Monday, August 16, 2010

embossing 101

i promised i'd give you the tips on how to emboss.  well after last thursday's paper shop workshop, i used my 10% off coupon to get a few more materials and now i'm ready to go!

without further ado, i present to you, embossing 101.  note - i was just playing around with this, trying to create the rehearsal dinner invites, so there's still some work to be done there and all kinds of typos, incorrect dates, etc.  all photos taken from my blackberry cam.

materials needed: stamp(s), embossing powder, heat gun (no, your straightener or hair dryer will not work.  hair dryer will blow the powder off and the straightener is just a horrible idea haha), stamp ink (i used watermark ink because it's clear and i can also use for watermarks), and scrap paper to put underneath the project to catch excess powder.

step 1 (we can have lots of fun.. sorry, had to throw in the old school NKOTB reference there) - take your stamp and cover entire stamp area with the watermark stamp pad.  sometimes you can actually hold the stamp and apply the stamp pad to the stamp to make sure it's fully covered.

step 2 - apply the stamp to designated area of your project.  make sure to press firmly but don't wiggle it or else it will smudge.
see the pretty watermark?  you can leave it as-is, or continue on with the embossing.  the watermark is a nice way to add more details but in a subtle way.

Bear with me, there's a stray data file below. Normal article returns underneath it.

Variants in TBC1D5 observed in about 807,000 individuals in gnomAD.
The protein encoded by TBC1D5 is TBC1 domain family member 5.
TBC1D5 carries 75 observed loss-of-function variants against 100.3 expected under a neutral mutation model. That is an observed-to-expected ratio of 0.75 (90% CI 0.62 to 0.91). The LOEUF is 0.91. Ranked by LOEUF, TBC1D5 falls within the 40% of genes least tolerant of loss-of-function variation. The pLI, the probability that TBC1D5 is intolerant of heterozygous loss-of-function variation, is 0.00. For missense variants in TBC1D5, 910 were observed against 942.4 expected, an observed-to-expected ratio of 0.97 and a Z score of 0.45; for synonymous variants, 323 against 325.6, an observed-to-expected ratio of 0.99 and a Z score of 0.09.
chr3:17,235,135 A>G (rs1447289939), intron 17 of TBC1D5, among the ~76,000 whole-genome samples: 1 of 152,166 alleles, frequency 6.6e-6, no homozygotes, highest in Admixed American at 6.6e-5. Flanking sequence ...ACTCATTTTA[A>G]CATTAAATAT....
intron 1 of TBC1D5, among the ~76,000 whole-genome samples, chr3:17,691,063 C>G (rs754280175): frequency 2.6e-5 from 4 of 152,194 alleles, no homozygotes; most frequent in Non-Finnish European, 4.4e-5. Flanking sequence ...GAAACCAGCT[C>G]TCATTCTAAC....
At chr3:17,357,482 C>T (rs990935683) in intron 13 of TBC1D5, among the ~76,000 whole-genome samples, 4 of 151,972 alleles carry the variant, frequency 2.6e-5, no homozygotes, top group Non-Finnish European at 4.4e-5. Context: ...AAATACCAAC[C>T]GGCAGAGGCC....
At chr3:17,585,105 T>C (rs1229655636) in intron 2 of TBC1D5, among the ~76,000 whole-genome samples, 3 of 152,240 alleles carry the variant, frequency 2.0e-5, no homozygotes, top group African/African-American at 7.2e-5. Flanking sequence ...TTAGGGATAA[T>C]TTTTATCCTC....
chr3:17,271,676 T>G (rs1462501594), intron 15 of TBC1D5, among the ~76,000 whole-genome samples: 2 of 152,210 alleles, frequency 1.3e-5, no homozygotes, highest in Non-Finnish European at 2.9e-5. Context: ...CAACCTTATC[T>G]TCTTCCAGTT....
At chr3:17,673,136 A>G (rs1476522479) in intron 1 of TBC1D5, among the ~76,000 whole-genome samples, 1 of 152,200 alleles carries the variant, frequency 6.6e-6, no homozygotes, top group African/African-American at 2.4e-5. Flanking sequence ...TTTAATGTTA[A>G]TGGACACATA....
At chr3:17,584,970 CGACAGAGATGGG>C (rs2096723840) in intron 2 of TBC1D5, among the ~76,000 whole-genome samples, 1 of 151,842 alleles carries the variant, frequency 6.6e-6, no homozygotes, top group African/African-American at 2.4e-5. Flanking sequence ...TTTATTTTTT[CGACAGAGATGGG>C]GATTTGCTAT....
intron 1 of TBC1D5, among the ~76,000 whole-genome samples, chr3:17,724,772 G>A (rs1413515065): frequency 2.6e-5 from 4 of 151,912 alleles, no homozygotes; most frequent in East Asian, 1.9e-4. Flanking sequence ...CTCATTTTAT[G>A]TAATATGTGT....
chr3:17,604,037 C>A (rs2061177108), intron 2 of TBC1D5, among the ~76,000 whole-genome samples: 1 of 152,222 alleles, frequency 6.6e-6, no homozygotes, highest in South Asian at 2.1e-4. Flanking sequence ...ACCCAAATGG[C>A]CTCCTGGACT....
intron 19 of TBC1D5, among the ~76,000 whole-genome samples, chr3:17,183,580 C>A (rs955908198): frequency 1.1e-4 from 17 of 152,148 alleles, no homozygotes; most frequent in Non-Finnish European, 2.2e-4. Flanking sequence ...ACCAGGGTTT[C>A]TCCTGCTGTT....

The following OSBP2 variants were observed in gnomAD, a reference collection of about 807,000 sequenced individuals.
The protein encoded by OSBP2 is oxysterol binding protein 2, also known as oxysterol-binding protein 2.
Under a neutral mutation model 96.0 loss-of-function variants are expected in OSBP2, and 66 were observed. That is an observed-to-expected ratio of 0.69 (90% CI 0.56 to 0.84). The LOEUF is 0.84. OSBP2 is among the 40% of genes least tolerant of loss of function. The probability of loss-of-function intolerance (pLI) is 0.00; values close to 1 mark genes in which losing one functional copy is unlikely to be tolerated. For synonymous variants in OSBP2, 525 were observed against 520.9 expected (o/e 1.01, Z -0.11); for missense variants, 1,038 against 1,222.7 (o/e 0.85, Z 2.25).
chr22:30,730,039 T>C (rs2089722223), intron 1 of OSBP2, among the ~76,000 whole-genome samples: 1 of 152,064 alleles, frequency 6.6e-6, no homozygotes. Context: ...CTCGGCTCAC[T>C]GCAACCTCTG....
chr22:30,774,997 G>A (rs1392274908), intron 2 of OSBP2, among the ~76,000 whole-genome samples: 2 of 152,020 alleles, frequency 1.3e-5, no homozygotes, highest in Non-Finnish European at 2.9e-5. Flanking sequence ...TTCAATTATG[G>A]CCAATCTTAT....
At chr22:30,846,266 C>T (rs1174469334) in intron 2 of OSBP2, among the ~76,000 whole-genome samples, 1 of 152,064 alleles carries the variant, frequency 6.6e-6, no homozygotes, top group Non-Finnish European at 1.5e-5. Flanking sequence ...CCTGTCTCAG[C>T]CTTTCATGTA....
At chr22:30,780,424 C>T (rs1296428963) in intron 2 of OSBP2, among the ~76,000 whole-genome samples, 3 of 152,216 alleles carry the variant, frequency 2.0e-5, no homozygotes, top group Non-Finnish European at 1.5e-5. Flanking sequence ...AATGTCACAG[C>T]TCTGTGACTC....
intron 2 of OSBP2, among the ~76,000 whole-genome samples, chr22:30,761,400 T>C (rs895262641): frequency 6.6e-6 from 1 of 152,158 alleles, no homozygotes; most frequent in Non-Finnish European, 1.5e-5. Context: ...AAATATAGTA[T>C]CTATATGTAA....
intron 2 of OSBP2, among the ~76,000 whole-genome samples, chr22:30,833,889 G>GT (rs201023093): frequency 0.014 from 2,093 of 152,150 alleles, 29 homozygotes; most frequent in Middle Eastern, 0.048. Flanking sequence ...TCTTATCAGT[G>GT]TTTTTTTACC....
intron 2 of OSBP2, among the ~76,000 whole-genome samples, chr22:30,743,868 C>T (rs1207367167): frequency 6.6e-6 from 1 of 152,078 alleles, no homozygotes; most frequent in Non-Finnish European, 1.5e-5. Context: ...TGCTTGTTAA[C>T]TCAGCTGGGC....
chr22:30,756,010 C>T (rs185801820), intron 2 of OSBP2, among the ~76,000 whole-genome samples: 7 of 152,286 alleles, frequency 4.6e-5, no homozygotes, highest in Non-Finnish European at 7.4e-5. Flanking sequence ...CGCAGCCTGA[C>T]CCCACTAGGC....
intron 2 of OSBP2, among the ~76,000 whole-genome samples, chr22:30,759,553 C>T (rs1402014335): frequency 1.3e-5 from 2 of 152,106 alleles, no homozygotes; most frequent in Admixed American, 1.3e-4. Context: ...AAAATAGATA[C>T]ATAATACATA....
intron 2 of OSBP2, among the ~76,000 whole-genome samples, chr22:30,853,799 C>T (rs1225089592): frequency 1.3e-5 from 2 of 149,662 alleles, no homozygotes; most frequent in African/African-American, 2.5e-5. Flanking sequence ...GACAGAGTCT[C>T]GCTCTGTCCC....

step 3 - act fast, because you don't want the ink to start drying.  pour enough embossing powder to cover your imprint... 
and then tap off the excess powder on to your scrap paper
it's important to make sure that all excess powder is removed from the outer areas of the stamp.  embossing powder is made of tiny plastic particles, so if any get left behind, they will be melted on to your project.  you can use a Q-tip or fine brush to get the excess off, if needed.

step 4 -turn on the heat gun and hold about 1/4"-1/2" away from the powder-covered stamp.  you don't need to pre-heat the gun, it warms up immediately.  slowly move the heat over the embossed area until you see the powder start to set.  don't hold over for more than 30 seconds (shouldnt take more than 15-20) or it will start to brown the paper
haha i just noticed my random foot in this picture.

and that's it!

it is SO easy to do and now that i know how, i will definitely be incorporating this little detail wherever i can for the menus, programs, and a few other pieces here and there.  cost breakdown: heat gun $23, stamps ~$3-$8 (but you can get stamps anywhere, they don't have to be from paper source), embossing powder ~$4-$8, watermark ink pad ~$4-$8.  the paper was the most expensive part but again, i will probably go to officemax or somewhere like that to get bulk paper in the colors i want.  and everything else will last me through the process and i can keep the stamps & heat gun forever!

below are a few more pics of some other trials i played around with:
here i was trying to see if i could do 2 colors on top of each other.  to do this i first did the pink one and then re-stamped and covered with the white powder.
this was my other rehearsal dinner invite trial, but i'll come back with more on that later.  i wouldn't use all 3 colors together, but i wanted to see what they'd all look like on the paper stock i will be using.
close-up of the watermark in a different spot

happy monday!

15 comments: